Every year, students across the country complain about exams, and University of Richmond is no exception. The complaints among Richmond students seem to be about scheduling more than anything else.
The common misconception among students is that professors must schedule their final exams during finals week and have no control of which day or time. The administration takes heat for forcing students into a specific three-hour slot that students cannot change even if they have multiple final exams on one day.
“The current exam schedule does hold the strong advantage that it eliminates any overlap in classes administering exams,” senior Kait Walsh said. “With that said, the current system does hold the disadvantage that it doesn’t take into account the amount of exams a student may be scheduled to have on any given day.”
But the schedule changes every year because of student feedback, University Registrar Susan D. Breeden said.
“The rules on flexibility are faculty rules,” Breeden said. “Faculty and students can’t move around exam times because they’re set in the Arts and Sciences final exam policies.”
Students may reschedule an exam if it is on the same day as another or because of a religious observance and the dean of Arts and Sciences accepts the students’ plea, Breeden said. Otherwise, students must take exams as scheduled. Breeden also dismissed the notion that the registrar controls exam policies.
“Faculty members can elect self-scheduled exams,” she said. “The only restriction is that faculty who schedule in-class exams during finals week have to use the designated classroom so everyone has enough space. Otherwise, it’s up to the faculty if they do take-home exams or anything other than an in-class final.”
Samuel Abrash, an associate professor of chemistry and new chairman of the environmental studies department, has offered students in some of his classes the option to take their exams at 9:00 a.m. or 2:00 p.m. on any day of finals week, he said. Mike Spear, chairman of the journalism department, has offered take-home final exams in his Copy Editing course.
Some professors will even use their last class period for final exams or let students work on their exams until the last final exam day, although officials writing Arts and Sciences exam policies have discouraged these practices. On the other hand, officials encourage faculty to allow students to switch exam times among those given for sections of the same course that are taught by the same professor. It all depends on the class and teaching style, Breeden said.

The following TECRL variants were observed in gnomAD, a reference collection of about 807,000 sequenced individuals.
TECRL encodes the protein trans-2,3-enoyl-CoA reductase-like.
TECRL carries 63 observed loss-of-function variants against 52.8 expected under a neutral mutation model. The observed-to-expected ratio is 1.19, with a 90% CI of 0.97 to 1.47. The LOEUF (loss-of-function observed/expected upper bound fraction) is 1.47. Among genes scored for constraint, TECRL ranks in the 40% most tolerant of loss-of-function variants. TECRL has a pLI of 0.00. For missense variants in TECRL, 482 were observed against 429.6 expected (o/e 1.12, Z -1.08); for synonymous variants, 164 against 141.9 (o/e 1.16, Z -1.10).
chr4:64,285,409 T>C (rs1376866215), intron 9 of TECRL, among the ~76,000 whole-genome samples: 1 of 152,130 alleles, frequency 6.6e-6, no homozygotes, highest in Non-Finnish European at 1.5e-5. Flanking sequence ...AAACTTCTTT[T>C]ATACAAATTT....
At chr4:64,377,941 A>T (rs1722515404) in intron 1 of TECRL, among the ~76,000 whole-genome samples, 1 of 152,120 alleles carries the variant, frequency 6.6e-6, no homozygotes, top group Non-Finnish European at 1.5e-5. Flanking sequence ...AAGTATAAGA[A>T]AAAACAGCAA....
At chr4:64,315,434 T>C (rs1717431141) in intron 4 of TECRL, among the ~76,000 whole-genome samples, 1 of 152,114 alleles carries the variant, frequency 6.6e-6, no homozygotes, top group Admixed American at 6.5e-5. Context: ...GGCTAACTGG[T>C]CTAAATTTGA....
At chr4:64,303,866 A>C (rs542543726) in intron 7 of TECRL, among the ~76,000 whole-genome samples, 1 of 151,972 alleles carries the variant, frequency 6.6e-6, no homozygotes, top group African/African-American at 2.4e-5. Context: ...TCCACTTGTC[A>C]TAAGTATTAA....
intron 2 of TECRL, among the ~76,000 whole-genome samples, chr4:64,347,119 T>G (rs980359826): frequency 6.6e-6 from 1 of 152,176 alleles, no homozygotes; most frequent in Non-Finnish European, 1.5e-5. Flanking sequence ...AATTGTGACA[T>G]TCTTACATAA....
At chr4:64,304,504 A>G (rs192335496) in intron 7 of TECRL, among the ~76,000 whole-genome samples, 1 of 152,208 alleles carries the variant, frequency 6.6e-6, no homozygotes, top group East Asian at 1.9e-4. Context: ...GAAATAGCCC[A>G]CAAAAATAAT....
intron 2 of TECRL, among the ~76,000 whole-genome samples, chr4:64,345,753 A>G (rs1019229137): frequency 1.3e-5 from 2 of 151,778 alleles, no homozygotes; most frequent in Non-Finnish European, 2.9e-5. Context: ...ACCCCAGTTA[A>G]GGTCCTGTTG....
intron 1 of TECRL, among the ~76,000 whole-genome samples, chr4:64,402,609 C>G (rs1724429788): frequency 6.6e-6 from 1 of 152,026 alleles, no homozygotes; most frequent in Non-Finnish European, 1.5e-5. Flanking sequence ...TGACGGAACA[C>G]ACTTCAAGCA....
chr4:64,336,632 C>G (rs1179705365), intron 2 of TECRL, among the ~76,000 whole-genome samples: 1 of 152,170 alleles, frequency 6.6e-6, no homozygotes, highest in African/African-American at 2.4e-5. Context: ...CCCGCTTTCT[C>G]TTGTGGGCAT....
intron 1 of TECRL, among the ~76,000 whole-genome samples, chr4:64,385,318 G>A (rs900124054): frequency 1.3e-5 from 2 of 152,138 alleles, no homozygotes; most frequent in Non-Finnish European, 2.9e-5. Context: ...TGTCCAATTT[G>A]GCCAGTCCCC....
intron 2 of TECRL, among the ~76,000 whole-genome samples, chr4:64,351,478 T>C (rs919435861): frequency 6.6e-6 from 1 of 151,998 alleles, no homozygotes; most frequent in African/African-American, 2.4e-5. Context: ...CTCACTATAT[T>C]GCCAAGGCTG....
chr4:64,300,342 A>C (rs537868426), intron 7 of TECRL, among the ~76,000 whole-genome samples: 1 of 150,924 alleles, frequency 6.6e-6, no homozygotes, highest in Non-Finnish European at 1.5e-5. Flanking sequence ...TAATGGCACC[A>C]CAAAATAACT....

“If professors want to add a time slot for their students, then we fully support that,” she said, “as long as we have rooms for them.”
Walsh was not aware that professors and, by association, students had that much freedom, she said. She was aware of the rules concerning religious observances and multiple exams in one day, though, she said. She reached a different conclusion on self-scheduled exams from what she had expected.
“My first inclination was that it’s a great idea — why not?” Walsh asked. “But I think self-scheduling has a lot of room for error, potential honor code violations and more confusion and anxiety than it would be saving … If there was a way to merge the two ideas, perhaps giving students one or two options for each class to take their exam, that may eliminate any confusion associated with scheduling, while still giving students an option so not to overload their finals week.”
Have Abrash and others offering many times found the gold standard for final exams? Breeden said she could see how students would prefer that option.
“It would be difficult for faculty with take-home or free-schedule exams, but from the students’ perspective, I can see how free scheduling would be nice,” Breeden said.
Breeden did not say whether business, law, leadership or continuing studies classes would implement similar free-schedule exams, but, again, that it would be up to the faculty.
Contact reporter Zak Kerr at email@example.com